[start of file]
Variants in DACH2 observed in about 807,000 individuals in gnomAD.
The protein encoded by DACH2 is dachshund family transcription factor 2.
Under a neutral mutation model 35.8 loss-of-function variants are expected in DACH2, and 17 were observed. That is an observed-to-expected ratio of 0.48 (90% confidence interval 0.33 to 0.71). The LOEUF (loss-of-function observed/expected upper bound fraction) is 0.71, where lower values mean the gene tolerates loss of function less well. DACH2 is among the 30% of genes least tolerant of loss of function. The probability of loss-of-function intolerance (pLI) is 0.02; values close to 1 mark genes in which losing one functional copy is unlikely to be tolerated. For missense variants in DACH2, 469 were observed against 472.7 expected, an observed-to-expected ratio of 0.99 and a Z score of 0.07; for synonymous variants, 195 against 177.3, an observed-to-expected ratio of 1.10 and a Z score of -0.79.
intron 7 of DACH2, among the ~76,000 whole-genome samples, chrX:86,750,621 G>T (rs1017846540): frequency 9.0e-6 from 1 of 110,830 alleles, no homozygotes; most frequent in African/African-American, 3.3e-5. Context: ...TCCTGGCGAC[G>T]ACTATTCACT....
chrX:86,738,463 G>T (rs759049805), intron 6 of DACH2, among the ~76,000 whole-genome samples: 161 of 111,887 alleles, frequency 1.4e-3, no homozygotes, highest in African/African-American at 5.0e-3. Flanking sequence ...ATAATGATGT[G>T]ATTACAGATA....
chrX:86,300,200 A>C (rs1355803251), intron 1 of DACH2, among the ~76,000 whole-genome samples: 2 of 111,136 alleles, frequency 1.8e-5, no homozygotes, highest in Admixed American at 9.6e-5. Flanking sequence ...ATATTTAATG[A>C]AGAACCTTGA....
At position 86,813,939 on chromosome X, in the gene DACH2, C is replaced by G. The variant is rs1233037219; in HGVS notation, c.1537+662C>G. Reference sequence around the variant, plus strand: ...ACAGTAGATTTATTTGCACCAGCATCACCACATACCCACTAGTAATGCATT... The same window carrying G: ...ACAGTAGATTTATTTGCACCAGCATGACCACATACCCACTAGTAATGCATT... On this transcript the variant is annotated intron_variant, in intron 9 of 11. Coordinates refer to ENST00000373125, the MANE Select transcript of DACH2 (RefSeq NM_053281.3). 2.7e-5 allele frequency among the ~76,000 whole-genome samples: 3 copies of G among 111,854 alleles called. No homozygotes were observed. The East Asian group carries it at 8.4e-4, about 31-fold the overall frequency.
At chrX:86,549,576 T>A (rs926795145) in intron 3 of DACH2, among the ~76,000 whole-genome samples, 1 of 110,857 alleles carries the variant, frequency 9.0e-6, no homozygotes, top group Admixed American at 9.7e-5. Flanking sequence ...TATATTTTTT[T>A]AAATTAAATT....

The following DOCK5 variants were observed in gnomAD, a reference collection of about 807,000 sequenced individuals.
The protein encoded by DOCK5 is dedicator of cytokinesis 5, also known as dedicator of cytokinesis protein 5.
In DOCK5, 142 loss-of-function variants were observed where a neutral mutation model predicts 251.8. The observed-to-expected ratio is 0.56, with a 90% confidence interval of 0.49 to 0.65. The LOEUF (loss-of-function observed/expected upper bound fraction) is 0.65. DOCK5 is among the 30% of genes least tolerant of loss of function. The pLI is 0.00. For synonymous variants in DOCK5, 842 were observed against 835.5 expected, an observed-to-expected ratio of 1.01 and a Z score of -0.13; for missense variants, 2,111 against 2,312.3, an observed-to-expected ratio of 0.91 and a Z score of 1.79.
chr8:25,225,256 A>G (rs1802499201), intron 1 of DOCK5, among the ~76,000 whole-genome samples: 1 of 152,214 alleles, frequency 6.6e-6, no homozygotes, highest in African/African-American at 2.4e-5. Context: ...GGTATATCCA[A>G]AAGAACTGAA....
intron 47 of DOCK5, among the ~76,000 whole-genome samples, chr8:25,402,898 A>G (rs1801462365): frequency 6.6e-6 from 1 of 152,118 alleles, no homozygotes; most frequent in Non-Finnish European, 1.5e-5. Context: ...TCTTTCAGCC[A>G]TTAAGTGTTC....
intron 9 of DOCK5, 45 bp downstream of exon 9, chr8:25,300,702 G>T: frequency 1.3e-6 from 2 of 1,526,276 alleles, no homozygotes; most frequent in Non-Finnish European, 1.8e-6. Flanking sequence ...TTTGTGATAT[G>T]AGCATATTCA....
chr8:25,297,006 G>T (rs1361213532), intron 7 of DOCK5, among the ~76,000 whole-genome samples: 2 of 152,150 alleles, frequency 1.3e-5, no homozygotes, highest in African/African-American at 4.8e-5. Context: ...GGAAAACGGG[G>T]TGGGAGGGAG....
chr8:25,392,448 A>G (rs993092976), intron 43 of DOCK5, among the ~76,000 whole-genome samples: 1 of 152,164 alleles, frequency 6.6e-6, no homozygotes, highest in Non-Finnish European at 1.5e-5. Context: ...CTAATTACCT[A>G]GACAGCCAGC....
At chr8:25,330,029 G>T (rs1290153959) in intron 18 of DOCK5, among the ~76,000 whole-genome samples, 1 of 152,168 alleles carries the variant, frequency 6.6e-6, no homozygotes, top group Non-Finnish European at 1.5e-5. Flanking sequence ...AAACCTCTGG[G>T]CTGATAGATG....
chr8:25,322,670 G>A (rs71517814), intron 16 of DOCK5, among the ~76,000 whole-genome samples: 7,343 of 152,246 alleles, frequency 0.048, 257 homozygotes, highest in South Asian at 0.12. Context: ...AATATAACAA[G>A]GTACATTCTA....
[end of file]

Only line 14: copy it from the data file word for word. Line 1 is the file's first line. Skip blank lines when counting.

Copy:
intron 9 of DOCK5, 45 bp downstream of exon 9, chr8:25,300,702 G>T: frequency 1.3e-6 from 2 of 1,526,276 alleles, no homozygotes; most frequent in Non-Finnish European, 1.8e-6. Flanking sequence ...TTTGTGATAT[G>T]AGCATATTCA....